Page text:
When Art and Illusion was published in 1960, it was immediately hailed as a masterpiece. In an obituary appearing in Art in American shortly after Gombrich’s death in 2001, critics Stephanie Cash and David Ebony provide a retrospective of Gombrich’s work. They hail Art and Illusion as Gombrich’s ‘‘most influential volume.’’ They also note that Gombrich ‘‘rejected the notion that artistic change was the result of a collective mind or ‘spirit of the age.’ Instead Gombrich preferred to focus on how individual artists dealt with specific technical problems.’’
The importance of a book can often be determined by the amount of critical response it generates over the years, and by this standard, Art and Illusion has demonstrated its ongoing influence from the time of its publication to the present day. Moreover, the intellectual heft of those scholars who respond to a book also increases a book’s prestige. In the case of Art and Illusion, some of the most respected philosophers of the era respond to and use Gombrich’s work.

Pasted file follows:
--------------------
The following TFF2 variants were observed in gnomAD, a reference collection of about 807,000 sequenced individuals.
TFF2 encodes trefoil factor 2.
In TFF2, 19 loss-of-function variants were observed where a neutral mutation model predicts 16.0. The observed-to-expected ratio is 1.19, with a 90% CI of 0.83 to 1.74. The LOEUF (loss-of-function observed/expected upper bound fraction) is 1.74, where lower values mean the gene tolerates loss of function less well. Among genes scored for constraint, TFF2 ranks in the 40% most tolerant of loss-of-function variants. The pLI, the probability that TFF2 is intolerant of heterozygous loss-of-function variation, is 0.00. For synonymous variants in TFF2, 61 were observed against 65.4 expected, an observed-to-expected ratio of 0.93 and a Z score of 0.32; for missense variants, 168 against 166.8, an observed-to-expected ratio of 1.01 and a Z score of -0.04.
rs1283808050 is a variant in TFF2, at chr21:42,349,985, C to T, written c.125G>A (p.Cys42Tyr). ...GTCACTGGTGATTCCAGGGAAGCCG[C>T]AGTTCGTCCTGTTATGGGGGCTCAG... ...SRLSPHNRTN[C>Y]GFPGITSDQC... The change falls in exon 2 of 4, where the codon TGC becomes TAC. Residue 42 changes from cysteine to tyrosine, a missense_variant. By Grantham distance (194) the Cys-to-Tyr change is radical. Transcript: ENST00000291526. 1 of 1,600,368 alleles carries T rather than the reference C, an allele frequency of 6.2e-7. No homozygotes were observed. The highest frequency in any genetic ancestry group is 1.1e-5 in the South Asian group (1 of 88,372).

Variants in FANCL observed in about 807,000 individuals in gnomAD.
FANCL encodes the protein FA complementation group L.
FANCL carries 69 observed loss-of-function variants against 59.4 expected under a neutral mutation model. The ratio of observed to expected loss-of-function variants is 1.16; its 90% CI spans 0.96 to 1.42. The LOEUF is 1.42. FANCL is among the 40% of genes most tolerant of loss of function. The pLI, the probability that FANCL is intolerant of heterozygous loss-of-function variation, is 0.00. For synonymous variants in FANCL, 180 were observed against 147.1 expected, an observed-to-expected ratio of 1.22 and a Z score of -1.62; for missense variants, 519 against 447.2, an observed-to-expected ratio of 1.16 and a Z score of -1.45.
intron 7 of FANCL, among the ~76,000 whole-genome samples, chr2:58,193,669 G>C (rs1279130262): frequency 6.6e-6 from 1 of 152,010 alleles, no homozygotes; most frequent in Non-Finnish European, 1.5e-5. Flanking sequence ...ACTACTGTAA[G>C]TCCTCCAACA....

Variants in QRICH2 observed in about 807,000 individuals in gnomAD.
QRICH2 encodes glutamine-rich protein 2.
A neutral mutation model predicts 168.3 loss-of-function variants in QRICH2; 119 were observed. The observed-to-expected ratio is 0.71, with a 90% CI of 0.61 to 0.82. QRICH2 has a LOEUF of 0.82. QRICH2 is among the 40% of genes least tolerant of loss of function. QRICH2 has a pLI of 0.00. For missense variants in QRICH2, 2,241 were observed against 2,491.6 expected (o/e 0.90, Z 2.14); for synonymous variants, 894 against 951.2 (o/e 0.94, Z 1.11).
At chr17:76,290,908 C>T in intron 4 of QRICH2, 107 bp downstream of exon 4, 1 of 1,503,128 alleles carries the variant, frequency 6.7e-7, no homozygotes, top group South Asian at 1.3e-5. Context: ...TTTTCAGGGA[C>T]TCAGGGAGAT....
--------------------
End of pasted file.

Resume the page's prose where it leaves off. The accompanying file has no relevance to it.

For example, Nelson Goodman, an important theorist in the area of perception, refers to Gombrich in his classic Languages of Art (1968). Although Goodman and Gombrich had what has been described by Malcolm Bull as an ‘‘uneasy relationship,’’ Goodman nonetheless acknowledges Gombrich’s accomplishments in Art and Illusion: ‘‘Gombrich . . ....
(The entire section is 588 words.)